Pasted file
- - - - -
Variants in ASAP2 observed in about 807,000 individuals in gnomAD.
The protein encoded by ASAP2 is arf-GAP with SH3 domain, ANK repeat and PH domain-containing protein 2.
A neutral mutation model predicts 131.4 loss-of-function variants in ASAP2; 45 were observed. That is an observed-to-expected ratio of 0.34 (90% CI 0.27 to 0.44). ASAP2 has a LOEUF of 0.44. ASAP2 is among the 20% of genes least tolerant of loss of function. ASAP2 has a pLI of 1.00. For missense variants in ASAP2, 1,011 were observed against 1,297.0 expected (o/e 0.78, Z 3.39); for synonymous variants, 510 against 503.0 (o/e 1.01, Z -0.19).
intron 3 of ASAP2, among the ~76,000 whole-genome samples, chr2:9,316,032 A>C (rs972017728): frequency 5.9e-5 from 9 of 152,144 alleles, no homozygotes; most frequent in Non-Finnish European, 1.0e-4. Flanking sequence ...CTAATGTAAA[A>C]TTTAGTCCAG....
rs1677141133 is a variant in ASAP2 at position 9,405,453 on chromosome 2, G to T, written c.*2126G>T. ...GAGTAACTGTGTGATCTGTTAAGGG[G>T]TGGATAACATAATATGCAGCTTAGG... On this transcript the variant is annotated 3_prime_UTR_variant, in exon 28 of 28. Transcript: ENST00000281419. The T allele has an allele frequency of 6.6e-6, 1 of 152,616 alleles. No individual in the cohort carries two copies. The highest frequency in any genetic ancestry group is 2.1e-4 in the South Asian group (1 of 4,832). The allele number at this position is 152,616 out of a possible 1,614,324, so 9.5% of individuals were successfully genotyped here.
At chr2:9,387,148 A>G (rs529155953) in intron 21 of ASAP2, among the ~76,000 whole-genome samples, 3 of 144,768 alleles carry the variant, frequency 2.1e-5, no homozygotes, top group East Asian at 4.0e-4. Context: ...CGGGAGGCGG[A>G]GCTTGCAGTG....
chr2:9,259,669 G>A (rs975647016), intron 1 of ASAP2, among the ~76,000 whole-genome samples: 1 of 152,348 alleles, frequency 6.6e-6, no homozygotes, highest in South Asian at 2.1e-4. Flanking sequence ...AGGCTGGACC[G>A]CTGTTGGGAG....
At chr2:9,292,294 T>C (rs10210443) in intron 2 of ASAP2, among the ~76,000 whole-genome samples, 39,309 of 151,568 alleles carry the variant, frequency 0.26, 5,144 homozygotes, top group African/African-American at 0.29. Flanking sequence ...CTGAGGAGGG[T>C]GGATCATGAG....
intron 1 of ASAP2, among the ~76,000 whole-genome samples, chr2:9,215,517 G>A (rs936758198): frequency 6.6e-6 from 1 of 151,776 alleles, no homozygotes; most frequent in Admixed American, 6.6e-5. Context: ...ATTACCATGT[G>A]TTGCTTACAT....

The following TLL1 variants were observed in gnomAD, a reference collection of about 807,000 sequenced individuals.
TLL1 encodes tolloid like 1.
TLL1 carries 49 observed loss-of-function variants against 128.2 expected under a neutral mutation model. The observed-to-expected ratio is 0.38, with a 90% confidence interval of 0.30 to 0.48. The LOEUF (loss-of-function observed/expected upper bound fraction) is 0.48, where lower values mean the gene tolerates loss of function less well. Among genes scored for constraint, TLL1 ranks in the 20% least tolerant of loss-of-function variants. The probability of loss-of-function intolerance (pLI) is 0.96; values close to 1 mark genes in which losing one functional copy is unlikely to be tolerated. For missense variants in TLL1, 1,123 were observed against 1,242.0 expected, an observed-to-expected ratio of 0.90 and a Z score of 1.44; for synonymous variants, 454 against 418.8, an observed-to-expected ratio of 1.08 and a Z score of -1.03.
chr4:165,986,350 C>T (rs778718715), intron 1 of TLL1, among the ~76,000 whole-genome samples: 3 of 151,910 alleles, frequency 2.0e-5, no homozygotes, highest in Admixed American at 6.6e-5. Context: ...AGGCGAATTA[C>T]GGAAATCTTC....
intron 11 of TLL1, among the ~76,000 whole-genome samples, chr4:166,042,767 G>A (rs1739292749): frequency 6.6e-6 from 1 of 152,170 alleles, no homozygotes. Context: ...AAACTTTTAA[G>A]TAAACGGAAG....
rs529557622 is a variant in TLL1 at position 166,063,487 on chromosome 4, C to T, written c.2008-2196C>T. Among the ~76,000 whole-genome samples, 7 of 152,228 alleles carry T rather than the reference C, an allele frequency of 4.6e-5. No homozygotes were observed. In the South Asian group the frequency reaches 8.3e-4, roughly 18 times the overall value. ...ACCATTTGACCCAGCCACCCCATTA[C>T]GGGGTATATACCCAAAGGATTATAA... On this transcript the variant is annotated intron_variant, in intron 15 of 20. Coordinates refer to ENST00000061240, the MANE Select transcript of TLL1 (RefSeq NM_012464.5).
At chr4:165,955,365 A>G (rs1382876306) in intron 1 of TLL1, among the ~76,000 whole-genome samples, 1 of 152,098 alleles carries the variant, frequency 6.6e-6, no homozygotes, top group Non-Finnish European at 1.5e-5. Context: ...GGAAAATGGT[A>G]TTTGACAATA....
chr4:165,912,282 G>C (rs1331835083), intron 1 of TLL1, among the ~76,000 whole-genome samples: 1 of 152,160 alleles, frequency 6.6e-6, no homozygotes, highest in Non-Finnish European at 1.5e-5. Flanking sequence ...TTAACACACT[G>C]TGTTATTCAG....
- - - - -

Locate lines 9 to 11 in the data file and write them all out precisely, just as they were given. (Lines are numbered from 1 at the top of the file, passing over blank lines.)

intron 1 of ASAP2, among the ~76,000 whole-genome samples, chr2:9,215,517 G>A (rs936758198): frequency 6.6e-6 from 1 of 151,776 alleles, no homozygotes; most frequent in Admixed American, 6.6e-5. Context: ...ATTACCATGT[G>A]TTGCTTACAT....

The following TLL1 variants were observed in gnomAD, a reference collection of about 807,000 sequenced individuals.
TLL1 encodes tolloid like 1.